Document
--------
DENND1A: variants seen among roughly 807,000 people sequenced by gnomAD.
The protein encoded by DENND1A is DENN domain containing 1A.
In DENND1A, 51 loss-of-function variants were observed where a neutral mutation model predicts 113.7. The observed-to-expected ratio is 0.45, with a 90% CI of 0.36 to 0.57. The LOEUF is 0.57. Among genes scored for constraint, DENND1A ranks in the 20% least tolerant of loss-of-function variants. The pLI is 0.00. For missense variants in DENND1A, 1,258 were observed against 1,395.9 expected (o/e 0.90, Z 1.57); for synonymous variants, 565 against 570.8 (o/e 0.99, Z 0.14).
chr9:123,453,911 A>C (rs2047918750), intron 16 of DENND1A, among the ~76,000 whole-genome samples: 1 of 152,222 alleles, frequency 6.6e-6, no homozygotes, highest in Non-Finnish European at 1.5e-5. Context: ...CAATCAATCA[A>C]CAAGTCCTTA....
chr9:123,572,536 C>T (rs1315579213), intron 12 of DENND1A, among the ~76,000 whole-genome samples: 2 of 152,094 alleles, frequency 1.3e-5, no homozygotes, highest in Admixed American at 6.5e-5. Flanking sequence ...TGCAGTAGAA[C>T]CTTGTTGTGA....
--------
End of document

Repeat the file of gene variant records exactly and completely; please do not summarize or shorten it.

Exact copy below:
DENND1A: variants seen among roughly 807,000 people sequenced by gnomAD.
The protein encoded by DENND1A is DENN domain containing 1A.
In DENND1A, 51 loss-of-function variants were observed where a neutral mutation model predicts 113.7. The observed-to-expected ratio is 0.45, with a 90% CI of 0.36 to 0.57. The LOEUF is 0.57. Among genes scored for constraint, DENND1A ranks in the 20% least tolerant of loss-of-function variants. The pLI is 0.00. For missense variants in DENND1A, 1,258 were observed against 1,395.9 expected (o/e 0.90, Z 1.57); for synonymous variants, 565 against 570.8 (o/e 0.99, Z 0.14).
chr9:123,453,911 A>C (rs2047918750), intron 16 of DENND1A, among the ~76,000 whole-genome samples: 1 of 152,222 alleles, frequency 6.6e-6, no homozygotes, highest in Non-Finnish European at 1.5e-5. Context: ...CAATCAATCA[A>C]CAAGTCCTTA....
chr9:123,572,536 C>T (rs1315579213), intron 12 of DENND1A, among the ~76,000 whole-genome samples: 2 of 152,094 alleles, frequency 1.3e-5, no homozygotes, highest in Admixed American at 6.5e-5. Flanking sequence ...TGCAGTAGAA[C>T]CTTGTTGTGA....